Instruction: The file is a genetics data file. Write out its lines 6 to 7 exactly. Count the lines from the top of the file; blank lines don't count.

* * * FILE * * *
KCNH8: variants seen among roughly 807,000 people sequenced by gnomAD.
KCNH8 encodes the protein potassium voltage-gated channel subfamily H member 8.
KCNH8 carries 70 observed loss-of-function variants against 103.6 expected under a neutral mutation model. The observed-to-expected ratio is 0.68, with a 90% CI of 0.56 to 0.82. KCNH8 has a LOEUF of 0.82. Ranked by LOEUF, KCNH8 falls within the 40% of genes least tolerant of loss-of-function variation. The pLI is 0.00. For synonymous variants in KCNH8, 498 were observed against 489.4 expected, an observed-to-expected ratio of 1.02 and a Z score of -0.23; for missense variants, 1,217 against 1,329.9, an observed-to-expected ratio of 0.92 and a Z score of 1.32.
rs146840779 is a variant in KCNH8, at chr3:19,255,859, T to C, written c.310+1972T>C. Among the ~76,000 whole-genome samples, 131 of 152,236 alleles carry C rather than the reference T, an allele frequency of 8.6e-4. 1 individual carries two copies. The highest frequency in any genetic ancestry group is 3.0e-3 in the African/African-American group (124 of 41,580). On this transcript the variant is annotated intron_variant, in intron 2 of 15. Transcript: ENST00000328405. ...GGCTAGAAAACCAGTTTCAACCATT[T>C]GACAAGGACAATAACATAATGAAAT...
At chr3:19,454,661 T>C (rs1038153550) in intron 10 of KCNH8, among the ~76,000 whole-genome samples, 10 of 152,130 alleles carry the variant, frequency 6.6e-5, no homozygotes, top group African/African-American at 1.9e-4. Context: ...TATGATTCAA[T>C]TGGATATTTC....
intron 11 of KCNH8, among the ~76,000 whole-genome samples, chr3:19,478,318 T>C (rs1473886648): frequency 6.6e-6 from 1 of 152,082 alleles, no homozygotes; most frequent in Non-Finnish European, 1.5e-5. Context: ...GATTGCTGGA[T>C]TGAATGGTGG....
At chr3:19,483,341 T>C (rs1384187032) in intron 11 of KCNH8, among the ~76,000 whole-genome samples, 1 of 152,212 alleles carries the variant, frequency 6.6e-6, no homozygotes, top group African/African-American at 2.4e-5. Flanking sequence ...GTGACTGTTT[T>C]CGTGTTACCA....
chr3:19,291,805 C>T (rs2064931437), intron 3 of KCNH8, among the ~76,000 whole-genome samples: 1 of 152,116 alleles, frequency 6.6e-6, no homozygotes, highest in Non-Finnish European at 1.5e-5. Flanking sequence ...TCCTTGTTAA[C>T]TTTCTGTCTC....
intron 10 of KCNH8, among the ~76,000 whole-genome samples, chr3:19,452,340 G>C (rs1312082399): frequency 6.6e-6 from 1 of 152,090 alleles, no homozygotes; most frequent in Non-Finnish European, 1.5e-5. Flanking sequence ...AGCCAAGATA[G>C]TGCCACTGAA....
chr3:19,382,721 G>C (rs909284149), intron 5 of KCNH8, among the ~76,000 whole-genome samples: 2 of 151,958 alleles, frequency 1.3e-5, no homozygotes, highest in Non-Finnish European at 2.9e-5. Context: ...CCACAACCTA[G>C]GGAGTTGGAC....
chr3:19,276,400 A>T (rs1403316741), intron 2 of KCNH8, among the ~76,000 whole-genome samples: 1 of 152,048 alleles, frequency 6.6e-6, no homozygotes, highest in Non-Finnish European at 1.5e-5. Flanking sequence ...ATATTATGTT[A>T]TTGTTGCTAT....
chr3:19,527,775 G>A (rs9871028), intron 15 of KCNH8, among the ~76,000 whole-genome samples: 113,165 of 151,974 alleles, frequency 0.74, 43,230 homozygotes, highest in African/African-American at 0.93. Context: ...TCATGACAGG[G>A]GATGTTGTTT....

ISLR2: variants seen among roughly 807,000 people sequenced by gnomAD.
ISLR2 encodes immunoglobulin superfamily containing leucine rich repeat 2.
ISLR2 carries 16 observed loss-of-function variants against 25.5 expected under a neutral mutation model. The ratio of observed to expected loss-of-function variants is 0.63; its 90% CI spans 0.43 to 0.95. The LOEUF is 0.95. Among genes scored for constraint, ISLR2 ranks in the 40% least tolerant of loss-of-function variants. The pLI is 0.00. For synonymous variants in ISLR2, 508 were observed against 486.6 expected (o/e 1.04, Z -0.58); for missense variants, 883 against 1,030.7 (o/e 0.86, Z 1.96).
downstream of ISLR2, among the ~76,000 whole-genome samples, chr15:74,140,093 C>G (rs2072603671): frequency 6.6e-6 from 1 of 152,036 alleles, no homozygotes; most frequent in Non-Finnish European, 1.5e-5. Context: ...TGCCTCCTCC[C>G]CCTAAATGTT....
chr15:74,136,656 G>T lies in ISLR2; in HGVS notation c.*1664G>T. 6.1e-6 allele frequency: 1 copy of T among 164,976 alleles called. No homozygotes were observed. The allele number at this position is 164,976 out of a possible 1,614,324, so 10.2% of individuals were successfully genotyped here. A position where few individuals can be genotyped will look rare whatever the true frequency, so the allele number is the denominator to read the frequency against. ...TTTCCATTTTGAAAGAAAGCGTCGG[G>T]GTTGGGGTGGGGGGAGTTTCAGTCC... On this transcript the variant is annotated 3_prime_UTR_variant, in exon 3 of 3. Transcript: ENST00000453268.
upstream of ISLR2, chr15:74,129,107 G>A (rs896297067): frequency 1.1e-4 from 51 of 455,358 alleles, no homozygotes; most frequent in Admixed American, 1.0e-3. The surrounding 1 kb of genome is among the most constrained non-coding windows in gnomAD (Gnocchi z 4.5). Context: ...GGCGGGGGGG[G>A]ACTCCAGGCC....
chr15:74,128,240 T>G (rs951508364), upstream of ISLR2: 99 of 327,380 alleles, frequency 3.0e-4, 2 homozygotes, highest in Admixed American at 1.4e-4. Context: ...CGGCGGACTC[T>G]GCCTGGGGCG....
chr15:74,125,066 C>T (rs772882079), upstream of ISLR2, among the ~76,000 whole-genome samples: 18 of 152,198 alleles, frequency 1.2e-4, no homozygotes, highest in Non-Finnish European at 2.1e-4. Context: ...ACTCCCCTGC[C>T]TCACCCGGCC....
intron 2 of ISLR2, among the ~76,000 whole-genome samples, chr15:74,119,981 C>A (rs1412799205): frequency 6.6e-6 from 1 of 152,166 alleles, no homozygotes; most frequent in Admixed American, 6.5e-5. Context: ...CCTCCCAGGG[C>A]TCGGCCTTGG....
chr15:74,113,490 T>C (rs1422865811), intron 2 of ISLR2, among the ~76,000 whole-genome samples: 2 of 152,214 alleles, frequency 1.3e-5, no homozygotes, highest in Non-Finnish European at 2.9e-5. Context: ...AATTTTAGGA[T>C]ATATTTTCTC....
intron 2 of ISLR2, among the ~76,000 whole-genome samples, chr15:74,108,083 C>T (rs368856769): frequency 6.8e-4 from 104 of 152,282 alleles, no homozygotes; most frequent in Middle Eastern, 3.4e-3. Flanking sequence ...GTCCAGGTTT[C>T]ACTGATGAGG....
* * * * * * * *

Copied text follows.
intron 11 of KCNH8, among the ~76,000 whole-genome samples, chr3:19,478,318 T>C (rs1473886648): frequency 6.6e-6 from 1 of 152,082 alleles, no homozygotes; most frequent in Non-Finnish European, 1.5e-5. Context: ...GATTGCTGGA[T>C]TGAATGGTGG....
At chr3:19,483,341 T>C (rs1384187032) in intron 11 of KCNH8, among the ~76,000 whole-genome samples, 1 of 152,212 alleles carries the variant, frequency 6.6e-6, no homozygotes, top group African/African-American at 2.4e-5. Flanking sequence ...GTGACTGTTT[T>C]CGTGTTACCA....